• Rest the mouthpiece rim on the red of the bottom lip.
  • Low placement tends to shut off vibration. But, moving it up always helps.
  • “Let the air save the lip.” (i.e. blow stronger going up) – Claude Gordon
  • Rest often to avoid getting tired. Rest as much as you play.
  • This builds endurance indirectly by teaching the feel of playing easier and more efficient and avoids abuse of the Lip that hinders a free vibration.
  • Keep the lip moist for flexibility and correct development.
  • “Forget about the lip!” – Claude Gordon
  • “Don’t be lip conscious!” – Claude Gordon
  • “The lips do not play the cornet.” Clarke in Gordon’s Brass Playing… p. 29
  • Don’t practice buzzing – “You play the trumpet not the mouthpiece.” – CG
  • “Under no circumstances…should the lips make noise in the mouthpiece even though many performers appear to think otherwise.”(Arban’s Method, p. 10)


Understanding of the above seven items will help eliminate worry and myths about HOW and WHAT to practice. “Try to derive a common sense idea of everything and use your brains in thinking over all suggestions. Try to get away from tradition and superstition, which has ruined so many players”(H. L. Clarke from Setting Up Drills, p. 4).

“Stop imagining that what is required is hard work, but, that the practicing the student is required to do is merely taking part in the building of a substantial structure for the future”(H. L. Clarke from Setting Up Drills, p. 2).

For a more detailed explanation read Brass Playing is No Harder Than Deep Breathing by Claude Gordon and the first ten pages in Systematic Approach to Daily Practice by Claude Gordon.

As a Calvinist I don’t believe anything involves luck. You can become a great player by diligent, intelligent, correct practice!

By Jeff Purtle

6 Responses to “How to practice”

  1. Andy says:

    I’m surprised that there isn’t anything about using your abs. I use it a lot to save my chops in a crunch, and I’ve heard that good players do it, but it may be a bad habit…any comments on that?

    • Jon says:

      Hi Andy – good point!

      Although Jeff is probably the best one to comment on Claude Gordon’s ideas about the abs, I believe he would say something like: Keeping the chest up allows the system to work naturally, so that you don’t have to worry about what individual muscle groups are doing.

      Another approach is that the abdominal muscles could be consciouslly pulled in to increase the air pressure in the lungs, which would result in more power. There are lots of theories, and it’s good to find out what works best for you! :)

      • Jon,

        Yes, Jeff would say “keep the chest up, and everything will work correctly”, because that’s what both Claude Gordon and Herbert Clarke recommended as the best approach to breathing correctly for brass players. I just attended Jeff’s brass camp last week, and he stressed this over and over. In addition, you have the long holds at the end of the pedal exercises, where you squeeze out all of the air until your thoracic muscles are shaking. This develops the coveted “wind power” necessary to play the instrument with ease. Lastly, you have the regular breathing exercises, which CG taught to all of his students. These are found in “Brass Playing is No Harder Than Deep Breathing”.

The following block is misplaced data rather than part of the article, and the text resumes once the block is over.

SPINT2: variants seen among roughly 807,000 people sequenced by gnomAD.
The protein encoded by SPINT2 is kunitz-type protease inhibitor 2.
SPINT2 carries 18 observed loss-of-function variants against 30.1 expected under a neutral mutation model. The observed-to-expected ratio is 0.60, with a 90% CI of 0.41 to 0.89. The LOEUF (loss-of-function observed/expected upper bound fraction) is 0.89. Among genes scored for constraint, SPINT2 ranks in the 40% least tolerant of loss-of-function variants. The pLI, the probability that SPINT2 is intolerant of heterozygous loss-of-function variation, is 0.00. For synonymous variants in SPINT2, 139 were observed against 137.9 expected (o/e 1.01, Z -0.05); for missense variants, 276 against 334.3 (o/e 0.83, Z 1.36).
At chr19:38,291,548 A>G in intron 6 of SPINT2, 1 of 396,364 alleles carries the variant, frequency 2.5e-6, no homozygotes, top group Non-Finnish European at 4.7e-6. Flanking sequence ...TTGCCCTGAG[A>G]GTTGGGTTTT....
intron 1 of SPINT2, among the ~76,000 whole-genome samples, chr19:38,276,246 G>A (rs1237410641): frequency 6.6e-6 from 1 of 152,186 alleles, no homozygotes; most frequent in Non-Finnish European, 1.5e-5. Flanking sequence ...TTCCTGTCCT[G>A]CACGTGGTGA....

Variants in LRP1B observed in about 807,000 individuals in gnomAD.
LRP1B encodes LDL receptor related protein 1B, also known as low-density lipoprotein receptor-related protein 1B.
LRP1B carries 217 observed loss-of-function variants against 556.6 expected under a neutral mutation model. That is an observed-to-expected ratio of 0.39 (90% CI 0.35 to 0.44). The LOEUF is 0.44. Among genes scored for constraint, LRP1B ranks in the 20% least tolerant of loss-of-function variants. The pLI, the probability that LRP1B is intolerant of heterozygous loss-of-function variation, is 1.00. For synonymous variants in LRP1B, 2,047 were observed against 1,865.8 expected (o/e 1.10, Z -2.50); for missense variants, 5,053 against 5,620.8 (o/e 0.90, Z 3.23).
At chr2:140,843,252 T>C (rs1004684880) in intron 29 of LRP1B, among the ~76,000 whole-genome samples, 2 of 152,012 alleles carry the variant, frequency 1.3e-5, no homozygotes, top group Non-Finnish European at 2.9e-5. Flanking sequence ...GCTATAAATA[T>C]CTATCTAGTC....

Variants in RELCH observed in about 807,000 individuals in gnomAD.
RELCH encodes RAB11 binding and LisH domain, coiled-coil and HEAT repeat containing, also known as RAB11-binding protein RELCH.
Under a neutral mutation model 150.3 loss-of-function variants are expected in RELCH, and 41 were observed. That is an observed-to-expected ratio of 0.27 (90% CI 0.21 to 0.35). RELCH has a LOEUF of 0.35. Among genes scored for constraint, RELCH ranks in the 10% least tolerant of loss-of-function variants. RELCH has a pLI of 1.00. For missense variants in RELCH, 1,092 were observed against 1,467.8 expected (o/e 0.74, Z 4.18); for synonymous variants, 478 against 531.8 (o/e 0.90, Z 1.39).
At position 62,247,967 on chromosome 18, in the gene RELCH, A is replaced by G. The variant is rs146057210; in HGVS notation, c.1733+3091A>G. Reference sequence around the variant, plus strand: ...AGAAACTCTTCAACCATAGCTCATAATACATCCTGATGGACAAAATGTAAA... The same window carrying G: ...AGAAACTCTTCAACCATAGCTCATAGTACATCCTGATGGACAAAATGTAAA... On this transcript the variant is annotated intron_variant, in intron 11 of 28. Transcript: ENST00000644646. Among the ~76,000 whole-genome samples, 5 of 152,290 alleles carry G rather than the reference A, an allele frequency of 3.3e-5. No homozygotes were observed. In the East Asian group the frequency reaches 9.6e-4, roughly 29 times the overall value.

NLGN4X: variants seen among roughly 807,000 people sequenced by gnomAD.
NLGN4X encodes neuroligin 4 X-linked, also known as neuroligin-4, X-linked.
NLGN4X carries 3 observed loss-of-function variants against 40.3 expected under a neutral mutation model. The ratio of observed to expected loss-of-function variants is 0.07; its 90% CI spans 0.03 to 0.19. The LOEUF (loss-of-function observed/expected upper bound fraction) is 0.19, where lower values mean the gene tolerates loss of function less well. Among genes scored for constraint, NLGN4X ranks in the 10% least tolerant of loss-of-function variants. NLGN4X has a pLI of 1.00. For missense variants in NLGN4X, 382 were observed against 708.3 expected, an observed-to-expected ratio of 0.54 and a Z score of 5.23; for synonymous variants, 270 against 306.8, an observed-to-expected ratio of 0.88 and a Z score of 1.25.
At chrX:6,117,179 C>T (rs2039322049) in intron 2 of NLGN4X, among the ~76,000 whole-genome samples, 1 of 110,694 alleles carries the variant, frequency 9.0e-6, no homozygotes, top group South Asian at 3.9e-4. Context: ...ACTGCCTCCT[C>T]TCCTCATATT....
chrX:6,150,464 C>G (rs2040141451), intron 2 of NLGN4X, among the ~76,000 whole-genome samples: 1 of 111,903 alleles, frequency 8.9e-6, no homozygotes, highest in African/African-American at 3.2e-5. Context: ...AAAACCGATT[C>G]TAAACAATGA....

At the camp, Jeff said that sometimes people would call CG during his trumpet lesson to tell CG about problems they having with their playing. Jeff says that the first question CG would ask the person was, “are you doing your breathing exercises?”

        • Jon says:

          Hi David,

          Thanks for confirming that! :) It’s amazing that so many brass playing problems can be traced back to a lack of physical development – and most importantly of all, breathing.

          How was Jeff’s brass camp by the way?

          • I posted this on

            Well, I have to say that for a first effort, Jeff put together a great camp. The facilities were wonderful, the media and sound were well executed, and the performances were top notch. Both Harry Kim and Susan Slaughter were extremely humble and took time to hang with anyone who was around. They both delivered very relevant lectures to commercial (Harry) and orchestral (Susan) players, sharing what they’ve experienced and what it takes to be successful in their fields. Jeff’s lectures were solid, and he used plenty of video and audio excerpts from Claude Gordon’s old lectures.

            There were playing demonstrations by Claude Gordon (video), Jeff and a couple of Jeff’s students. The performances by Harry Kim (Latin Jazz) and the Monarch Brass Quintet were fantastic! You could hear in their playing and their conversations after the concerts that they were so happy to be there and participate in this event.

            I believe Jeff will be making the videos from the event available at a later date. He’s also planning on hosting the camp again next year.

            • Jon says:

              Thanks for the info David – sounds like it was a great camp! I’m really glad to hear that Jeff is planning on a camp for next year too :)